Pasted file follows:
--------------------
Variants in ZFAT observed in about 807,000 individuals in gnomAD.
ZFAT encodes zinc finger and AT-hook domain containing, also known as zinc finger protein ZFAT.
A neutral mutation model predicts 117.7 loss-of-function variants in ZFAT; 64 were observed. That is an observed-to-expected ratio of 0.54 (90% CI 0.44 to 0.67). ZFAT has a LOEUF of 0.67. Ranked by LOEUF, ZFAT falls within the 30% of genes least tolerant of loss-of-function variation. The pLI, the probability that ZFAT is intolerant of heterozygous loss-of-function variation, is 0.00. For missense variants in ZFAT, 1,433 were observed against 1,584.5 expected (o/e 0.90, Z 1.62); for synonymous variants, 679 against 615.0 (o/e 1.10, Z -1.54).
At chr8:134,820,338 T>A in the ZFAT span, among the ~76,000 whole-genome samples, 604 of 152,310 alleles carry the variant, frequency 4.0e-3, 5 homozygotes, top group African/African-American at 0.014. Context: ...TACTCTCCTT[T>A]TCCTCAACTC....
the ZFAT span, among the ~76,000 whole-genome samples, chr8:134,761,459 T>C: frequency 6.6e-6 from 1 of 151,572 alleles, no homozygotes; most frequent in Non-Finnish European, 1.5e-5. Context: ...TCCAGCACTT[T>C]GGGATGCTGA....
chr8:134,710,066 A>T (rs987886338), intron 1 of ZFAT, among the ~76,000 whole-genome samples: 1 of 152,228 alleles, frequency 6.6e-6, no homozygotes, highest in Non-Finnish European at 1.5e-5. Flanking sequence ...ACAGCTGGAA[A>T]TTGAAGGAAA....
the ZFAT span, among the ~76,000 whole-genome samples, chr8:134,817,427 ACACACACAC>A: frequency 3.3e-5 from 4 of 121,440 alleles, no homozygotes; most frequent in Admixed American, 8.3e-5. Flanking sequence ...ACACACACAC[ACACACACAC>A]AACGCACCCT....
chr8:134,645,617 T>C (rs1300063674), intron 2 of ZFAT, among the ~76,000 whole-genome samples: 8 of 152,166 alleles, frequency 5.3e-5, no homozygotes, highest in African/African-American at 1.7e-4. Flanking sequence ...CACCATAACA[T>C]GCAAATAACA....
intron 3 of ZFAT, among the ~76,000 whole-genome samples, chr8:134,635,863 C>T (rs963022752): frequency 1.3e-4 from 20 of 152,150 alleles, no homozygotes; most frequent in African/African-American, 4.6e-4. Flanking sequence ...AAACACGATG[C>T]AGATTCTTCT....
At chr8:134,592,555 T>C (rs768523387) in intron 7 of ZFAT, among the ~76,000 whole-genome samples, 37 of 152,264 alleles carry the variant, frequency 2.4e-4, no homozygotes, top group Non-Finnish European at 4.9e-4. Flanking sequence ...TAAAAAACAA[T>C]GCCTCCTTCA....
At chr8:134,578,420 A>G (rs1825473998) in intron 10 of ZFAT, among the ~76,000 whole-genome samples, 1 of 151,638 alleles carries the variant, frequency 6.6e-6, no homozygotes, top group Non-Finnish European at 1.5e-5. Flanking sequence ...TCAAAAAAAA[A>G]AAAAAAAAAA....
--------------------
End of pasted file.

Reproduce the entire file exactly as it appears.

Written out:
Variants in ZFAT observed in about 807,000 individuals in gnomAD.
ZFAT encodes zinc finger and AT-hook domain containing, also known as zinc finger protein ZFAT.
A neutral mutation model predicts 117.7 loss-of-function variants in ZFAT; 64 were observed. That is an observed-to-expected ratio of 0.54 (90% CI 0.44 to 0.67). ZFAT has a LOEUF of 0.67. Ranked by LOEUF, ZFAT falls within the 30% of genes least tolerant of loss-of-function variation. The pLI, the probability that ZFAT is intolerant of heterozygous loss-of-function variation, is 0.00. For missense variants in ZFAT, 1,433 were observed against 1,584.5 expected (o/e 0.90, Z 1.62); for synonymous variants, 679 against 615.0 (o/e 1.10, Z -1.54).
At chr8:134,820,338 T>A in the ZFAT span, among the ~76,000 whole-genome samples, 604 of 152,310 alleles carry the variant, frequency 4.0e-3, 5 homozygotes, top group African/African-American at 0.014. Context: ...TACTCTCCTT[T>A]TCCTCAACTC....
the ZFAT span, among the ~76,000 whole-genome samples, chr8:134,761,459 T>C: frequency 6.6e-6 from 1 of 151,572 alleles, no homozygotes; most frequent in Non-Finnish European, 1.5e-5. Context: ...TCCAGCACTT[T>C]GGGATGCTGA....
chr8:134,710,066 A>T (rs987886338), intron 1 of ZFAT, among the ~76,000 whole-genome samples: 1 of 152,228 alleles, frequency 6.6e-6, no homozygotes, highest in Non-Finnish European at 1.5e-5. Flanking sequence ...ACAGCTGGAA[A>T]TTGAAGGAAA....
the ZFAT span, among the ~76,000 whole-genome samples, chr8:134,817,427 ACACACACAC>A: frequency 3.3e-5 from 4 of 121,440 alleles, no homozygotes; most frequent in Admixed American, 8.3e-5. Flanking sequence ...ACACACACAC[ACACACACAC>A]AACGCACCCT....
chr8:134,645,617 T>C (rs1300063674), intron 2 of ZFAT, among the ~76,000 whole-genome samples: 8 of 152,166 alleles, frequency 5.3e-5, no homozygotes, highest in African/African-American at 1.7e-4. Flanking sequence ...CACCATAACA[T>C]GCAAATAACA....
intron 3 of ZFAT, among the ~76,000 whole-genome samples, chr8:134,635,863 C>T (rs963022752): frequency 1.3e-4 from 20 of 152,150 alleles, no homozygotes; most frequent in African/African-American, 4.6e-4. Flanking sequence ...AAACACGATG[C>T]AGATTCTTCT....
At chr8:134,592,555 T>C (rs768523387) in intron 7 of ZFAT, among the ~76,000 whole-genome samples, 37 of 152,264 alleles carry the variant, frequency 2.4e-4, no homozygotes, top group Non-Finnish European at 4.9e-4. Flanking sequence ...TAAAAAACAA[T>C]GCCTCCTTCA....
At chr8:134,578,420 A>G (rs1825473998) in intron 10 of ZFAT, among the ~76,000 whole-genome samples, 1 of 151,638 alleles carries the variant, frequency 6.6e-6, no homozygotes, top group Non-Finnish European at 1.5e-5. Flanking sequence ...TCAAAAAAAA[A>G]AAAAAAAAAA....